Adam Stewart ‘bigs up’ tourism, Jamaica at Mayberry forum

Adam Stewart

Deputy Chairman of Sandals Resorts International Adam Stewart took the opportunity at the Mayberry Investor Forum at the AC Marriott in Kingston, Wednesday night (Sept 25) to extol the virtues of linkages in the Jamaican tourism industry.

As the special guest speaker, he noted the growth in world tourism, pointing out that people the world over travel more so than they ever did before in search of culture and organic experiences.

“Tourism and in particular the hotel industry never stops. All things well barring a hurricane or natural disaster, you launch a hotel and for the rest of its life it is open 24 hours a day, 365 days a year,” said Stewart.

Appointed CEO of Sandals at 25, Stewart observed that hotels are machines that perpetually consume and that they will do what they have to, to survive, sourcing fruits, vegetables, manufactured goods etc to meet their guests’ demands.

“Hotels play a vital role in purchasing local goods and creating economic wealth. When I was appointed as Chairman of the Tourism Linkages Council my only demand was that the Minister of Tourism Ed Bartlett gives me a board of superstars and that he did. You need three things to work together to make tourism successful – shopping, entertainment and gastronomy. The two main parts of linkages as far as Jamaican tourism is concerned are agriculture and manufacturing,” said Stewart.

He drew attention to the adversarial relationship that existed for decades between the industry and the drivers of tourism, with the manufacturing sector and the brains of the tourism industry resident in Kingston while the earnings were made on the north coast.

“You would think that we were continents apart. We have now got a lot smarter realising that we have to get together and support each other,” said the young Sandals Deputy Chairman.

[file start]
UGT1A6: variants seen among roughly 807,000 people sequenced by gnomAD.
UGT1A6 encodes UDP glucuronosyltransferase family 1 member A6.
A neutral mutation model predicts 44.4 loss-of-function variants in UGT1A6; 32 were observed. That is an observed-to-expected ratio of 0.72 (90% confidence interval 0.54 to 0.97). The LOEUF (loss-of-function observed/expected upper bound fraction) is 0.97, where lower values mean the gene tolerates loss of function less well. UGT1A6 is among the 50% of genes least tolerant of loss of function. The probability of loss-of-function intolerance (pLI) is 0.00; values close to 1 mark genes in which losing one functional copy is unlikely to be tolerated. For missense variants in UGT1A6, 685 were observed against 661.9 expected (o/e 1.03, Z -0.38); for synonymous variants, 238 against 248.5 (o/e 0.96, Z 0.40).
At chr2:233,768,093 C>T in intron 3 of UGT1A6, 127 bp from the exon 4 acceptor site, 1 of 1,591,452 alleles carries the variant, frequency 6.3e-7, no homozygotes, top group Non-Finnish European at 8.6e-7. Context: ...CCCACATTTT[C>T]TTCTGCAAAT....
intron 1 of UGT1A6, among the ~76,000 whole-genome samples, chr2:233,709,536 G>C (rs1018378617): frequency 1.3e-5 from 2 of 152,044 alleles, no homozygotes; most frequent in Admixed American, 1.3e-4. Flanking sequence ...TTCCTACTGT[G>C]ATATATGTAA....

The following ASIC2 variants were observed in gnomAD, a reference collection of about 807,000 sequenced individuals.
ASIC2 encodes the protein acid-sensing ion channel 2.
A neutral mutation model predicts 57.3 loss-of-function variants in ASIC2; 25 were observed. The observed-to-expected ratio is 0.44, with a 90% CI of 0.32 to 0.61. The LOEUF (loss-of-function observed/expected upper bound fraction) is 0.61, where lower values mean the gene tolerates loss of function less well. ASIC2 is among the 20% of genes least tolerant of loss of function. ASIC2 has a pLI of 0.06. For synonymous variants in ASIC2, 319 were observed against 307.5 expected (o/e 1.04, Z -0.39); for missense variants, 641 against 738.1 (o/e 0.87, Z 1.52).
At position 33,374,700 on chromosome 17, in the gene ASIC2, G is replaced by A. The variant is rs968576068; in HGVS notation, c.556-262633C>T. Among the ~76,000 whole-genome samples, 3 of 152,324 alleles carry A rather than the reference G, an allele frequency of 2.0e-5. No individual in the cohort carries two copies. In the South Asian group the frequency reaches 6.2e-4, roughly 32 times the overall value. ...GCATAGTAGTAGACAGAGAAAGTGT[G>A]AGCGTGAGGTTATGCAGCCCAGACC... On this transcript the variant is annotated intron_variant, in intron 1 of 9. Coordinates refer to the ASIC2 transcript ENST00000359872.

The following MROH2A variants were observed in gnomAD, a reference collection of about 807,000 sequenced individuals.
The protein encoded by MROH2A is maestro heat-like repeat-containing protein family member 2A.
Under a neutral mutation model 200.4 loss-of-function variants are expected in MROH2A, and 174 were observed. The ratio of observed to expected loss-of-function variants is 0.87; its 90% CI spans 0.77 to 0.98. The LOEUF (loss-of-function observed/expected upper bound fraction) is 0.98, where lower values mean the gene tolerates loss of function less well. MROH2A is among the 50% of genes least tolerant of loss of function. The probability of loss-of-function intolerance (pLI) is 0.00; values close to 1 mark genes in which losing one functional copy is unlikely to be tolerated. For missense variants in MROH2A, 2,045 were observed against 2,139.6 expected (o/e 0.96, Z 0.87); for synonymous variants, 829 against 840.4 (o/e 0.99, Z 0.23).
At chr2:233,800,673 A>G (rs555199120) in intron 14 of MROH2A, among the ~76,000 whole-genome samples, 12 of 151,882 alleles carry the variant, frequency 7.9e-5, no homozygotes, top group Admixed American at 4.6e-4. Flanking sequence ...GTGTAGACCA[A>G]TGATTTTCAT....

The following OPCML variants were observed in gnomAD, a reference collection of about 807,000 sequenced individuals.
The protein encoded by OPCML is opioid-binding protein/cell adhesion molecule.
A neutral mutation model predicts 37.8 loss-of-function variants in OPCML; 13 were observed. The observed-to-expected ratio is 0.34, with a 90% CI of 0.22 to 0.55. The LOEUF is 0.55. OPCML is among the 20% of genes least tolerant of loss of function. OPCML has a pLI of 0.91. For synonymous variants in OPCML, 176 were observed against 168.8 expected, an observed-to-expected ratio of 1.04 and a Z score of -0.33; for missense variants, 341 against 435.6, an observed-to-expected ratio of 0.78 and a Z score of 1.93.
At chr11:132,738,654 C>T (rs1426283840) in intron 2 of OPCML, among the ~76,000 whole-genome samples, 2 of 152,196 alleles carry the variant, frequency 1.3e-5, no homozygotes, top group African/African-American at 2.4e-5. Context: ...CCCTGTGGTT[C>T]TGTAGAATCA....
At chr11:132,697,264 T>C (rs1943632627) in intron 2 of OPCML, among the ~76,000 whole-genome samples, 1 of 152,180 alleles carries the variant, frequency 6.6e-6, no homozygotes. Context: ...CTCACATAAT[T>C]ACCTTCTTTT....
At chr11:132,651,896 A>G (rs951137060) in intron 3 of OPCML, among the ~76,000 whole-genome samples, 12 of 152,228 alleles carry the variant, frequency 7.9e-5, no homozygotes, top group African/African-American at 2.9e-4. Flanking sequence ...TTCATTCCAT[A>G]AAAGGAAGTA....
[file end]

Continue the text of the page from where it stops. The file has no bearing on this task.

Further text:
He went on to say that Jamaican tourism is booming at a time when the economic fortunes of the country have taken a turn for the better.

‘I never thought I would see in my lifetime the unemployment rate at single digits.’

— Adam Stewart

“I never thought I would see in my lifetime the unemployment rate at single digits. It now stands at 7.8 per cent and throughout my years it hovered around 18 per cent. We now have US$3 billion in foreign reserves. And the IMF’s Christine Lagarde is talking about Jamaica as the poster child for how to turn around an economy. We now have low-interest rates, something you expect to see in America, not in Jamaica.

“So with this confluence of events how do we enter the tourism space?
This year we will see 4.3 million visitors come to Jamaica. This will earn us US$3.67 billion, a 10.9 per cent increase in net earnings year over year. We need to create experiences for our visitors that see them spending money in Jamaica and leaving it here,” declared Stewart who is also CEO of the ATL Group of  Companies.

Addressing the packed audience he went on to say that Jamaicans are good storytellers and talk up a situation and that in many instances should exhibit a better understanding of the Jamaican tourism industry. He cited a study commissioned by the Linkages Committee which revealed that just 8 per cent of visitors coming to Jamaica come for gastronomy.

“One way to look at that is there is a 92 per cent opportunity. Jerk is something we know and do very well but as a destination, we are not France or Italy. People don’t travel here at this point in time for gastronomy, yet we have an awesome story with it,” Stewart pointed out.

‘Jamaica has a lot of things going for it that others don’t have.’

— Adam Stewart

Stewart said Jamaica as a destination is fabulous and blessed with natural beauty. “Jamaica has a lot of things going for it that others don’t have – mountains, rivers, beautiful beaches, reggae music, international sporting stars. We punch above our weight. People are fascinated by this little island. What other destination do you know that is an island with a population of 3 million that can tick as many boxes as we can? Yet the number one hurdle that is slowing us down and retarding our growth and preventing us from getting 5 million visitors a year, is crime,” he added.

He took the opportunity to praise Jamaican tourism workers, lauding them as the best in the English-speaking Caribbean.

‘If you don’t believe in the people of Jamaica, it is not them, it is you.’

— Adam Stewart

He expounded: “Sandals has hotels in seven Caribbean countries and I can tell you that our workers in Jamaica are the hardest-working in the English-speaking Caribbean. If you don’t believe in the people of Jamaica, it is not them, it is you! It’s your training programmes, lack of vision, inability to take them out of the tough situations they are in. At Sandals, we have been able to take people from very shallow and sheltered backgrounds and turn them into some of the highest performing hospitality experts in the world.

“What is special about Jamaica is the individuality of its people which you see in the flair of our culture; so when we turn it on, we can make it unbelievable and attractive to people travelling here for experiences. We believe in linkages and we believe at the Ministry of Tourism that we can achieve 5 million visitors and US$5 million in net earnings for the country of Jamaica.”